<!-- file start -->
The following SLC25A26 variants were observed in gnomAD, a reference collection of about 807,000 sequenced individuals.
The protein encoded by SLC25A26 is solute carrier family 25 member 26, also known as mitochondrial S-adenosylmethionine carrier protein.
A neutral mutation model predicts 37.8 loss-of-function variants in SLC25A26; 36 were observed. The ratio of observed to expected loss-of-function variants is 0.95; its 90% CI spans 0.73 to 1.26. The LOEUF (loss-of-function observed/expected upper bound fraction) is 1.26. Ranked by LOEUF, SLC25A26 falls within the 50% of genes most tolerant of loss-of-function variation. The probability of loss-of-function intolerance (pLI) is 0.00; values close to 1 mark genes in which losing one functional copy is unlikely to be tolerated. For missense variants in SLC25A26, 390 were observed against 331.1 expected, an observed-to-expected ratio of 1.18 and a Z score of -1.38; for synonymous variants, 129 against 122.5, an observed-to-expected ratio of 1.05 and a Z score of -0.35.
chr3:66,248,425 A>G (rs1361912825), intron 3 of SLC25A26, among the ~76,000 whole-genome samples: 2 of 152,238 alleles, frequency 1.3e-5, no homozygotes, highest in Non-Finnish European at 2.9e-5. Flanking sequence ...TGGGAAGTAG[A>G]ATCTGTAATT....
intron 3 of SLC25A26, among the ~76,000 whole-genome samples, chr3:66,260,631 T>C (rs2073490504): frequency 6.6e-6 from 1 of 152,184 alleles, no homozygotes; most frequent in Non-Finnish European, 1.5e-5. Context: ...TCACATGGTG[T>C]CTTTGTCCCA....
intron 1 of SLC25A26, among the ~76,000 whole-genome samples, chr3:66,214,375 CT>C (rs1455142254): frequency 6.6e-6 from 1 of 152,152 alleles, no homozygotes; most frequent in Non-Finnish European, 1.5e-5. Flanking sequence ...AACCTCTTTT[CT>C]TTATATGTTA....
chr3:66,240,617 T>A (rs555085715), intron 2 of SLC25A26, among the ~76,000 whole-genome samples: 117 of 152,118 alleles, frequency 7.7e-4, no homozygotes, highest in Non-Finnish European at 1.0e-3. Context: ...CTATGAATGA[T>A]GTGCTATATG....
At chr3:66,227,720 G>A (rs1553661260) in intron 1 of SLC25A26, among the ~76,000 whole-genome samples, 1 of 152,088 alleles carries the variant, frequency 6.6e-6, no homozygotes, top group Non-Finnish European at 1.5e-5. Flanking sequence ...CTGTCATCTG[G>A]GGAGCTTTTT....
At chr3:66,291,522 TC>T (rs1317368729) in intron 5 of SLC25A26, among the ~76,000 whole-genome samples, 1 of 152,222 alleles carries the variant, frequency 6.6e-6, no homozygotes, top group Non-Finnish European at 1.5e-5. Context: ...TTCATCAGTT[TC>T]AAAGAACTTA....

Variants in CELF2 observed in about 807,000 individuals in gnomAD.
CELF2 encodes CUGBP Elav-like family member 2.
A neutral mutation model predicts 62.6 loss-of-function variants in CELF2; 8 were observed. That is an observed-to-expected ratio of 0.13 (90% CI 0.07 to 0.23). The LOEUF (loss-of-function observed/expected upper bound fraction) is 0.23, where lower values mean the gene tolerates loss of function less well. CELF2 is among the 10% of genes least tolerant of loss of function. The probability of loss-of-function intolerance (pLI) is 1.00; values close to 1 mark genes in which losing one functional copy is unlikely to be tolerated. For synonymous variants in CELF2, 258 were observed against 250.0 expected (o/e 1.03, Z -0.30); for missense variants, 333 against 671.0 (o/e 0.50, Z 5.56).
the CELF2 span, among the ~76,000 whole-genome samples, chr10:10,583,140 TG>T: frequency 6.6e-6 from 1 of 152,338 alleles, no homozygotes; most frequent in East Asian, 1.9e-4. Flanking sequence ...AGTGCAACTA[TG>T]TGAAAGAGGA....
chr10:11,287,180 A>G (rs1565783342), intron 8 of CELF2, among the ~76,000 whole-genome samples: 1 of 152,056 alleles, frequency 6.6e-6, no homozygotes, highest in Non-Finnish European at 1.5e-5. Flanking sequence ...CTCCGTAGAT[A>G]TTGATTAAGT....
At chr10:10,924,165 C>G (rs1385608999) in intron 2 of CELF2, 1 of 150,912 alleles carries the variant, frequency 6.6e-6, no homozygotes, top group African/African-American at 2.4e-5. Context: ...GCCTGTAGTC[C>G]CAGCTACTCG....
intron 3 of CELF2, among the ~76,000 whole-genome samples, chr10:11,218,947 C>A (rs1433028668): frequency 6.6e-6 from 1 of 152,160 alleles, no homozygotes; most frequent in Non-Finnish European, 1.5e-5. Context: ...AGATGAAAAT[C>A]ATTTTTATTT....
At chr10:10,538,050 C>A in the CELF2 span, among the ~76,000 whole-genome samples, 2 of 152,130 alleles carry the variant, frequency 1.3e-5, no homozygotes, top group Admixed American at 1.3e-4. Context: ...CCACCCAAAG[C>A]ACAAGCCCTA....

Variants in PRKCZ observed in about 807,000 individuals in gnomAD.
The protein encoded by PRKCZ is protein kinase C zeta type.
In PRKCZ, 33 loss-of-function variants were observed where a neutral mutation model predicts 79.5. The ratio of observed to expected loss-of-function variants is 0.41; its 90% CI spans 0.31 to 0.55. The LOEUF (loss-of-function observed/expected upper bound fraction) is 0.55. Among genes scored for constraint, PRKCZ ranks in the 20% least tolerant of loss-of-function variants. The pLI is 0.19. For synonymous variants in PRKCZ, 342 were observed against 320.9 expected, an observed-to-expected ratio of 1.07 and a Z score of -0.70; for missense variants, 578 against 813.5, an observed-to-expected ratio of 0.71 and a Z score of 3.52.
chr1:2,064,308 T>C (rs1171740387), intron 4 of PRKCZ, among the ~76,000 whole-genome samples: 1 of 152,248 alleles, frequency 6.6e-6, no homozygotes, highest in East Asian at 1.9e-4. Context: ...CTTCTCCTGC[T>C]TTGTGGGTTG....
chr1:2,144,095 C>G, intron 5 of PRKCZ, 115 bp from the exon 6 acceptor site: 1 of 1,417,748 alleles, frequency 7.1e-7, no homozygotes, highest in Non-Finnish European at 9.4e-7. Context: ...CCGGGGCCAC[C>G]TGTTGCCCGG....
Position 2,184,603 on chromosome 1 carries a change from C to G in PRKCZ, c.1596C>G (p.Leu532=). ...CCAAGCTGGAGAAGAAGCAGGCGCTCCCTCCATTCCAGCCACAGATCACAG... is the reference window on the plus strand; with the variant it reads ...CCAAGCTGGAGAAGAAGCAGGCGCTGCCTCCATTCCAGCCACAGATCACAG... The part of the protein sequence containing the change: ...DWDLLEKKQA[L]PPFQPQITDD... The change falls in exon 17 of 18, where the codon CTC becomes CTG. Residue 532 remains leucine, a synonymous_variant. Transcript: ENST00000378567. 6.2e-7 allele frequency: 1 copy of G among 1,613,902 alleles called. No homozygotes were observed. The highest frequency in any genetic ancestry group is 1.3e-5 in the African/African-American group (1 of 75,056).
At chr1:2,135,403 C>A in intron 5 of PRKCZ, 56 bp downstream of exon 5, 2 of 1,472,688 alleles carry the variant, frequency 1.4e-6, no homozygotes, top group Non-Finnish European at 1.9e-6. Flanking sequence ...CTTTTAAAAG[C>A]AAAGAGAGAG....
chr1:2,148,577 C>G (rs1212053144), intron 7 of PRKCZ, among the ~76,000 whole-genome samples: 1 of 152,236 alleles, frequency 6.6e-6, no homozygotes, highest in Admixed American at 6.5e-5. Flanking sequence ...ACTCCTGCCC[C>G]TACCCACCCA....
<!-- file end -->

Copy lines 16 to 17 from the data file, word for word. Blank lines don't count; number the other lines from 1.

intron 3 of CELF2, among the ~76,000 whole-genome samples, chr10:11,218,947 C>A (rs1433028668): frequency 6.6e-6 from 1 of 152,160 alleles, no homozygotes; most frequent in Non-Finnish European, 1.5e-5. Context: ...AGATGAAAAT[C>A]ATTTTTATTT....
At chr10:10,538,050 C>A in the CELF2 span, among the ~76,000 whole-genome samples, 2 of 152,130 alleles carry the variant, frequency 1.3e-5, no homozygotes, top group Admixed American at 1.3e-4. Context: ...CCACCCAAAG[C>A]ACAAGCCCTA....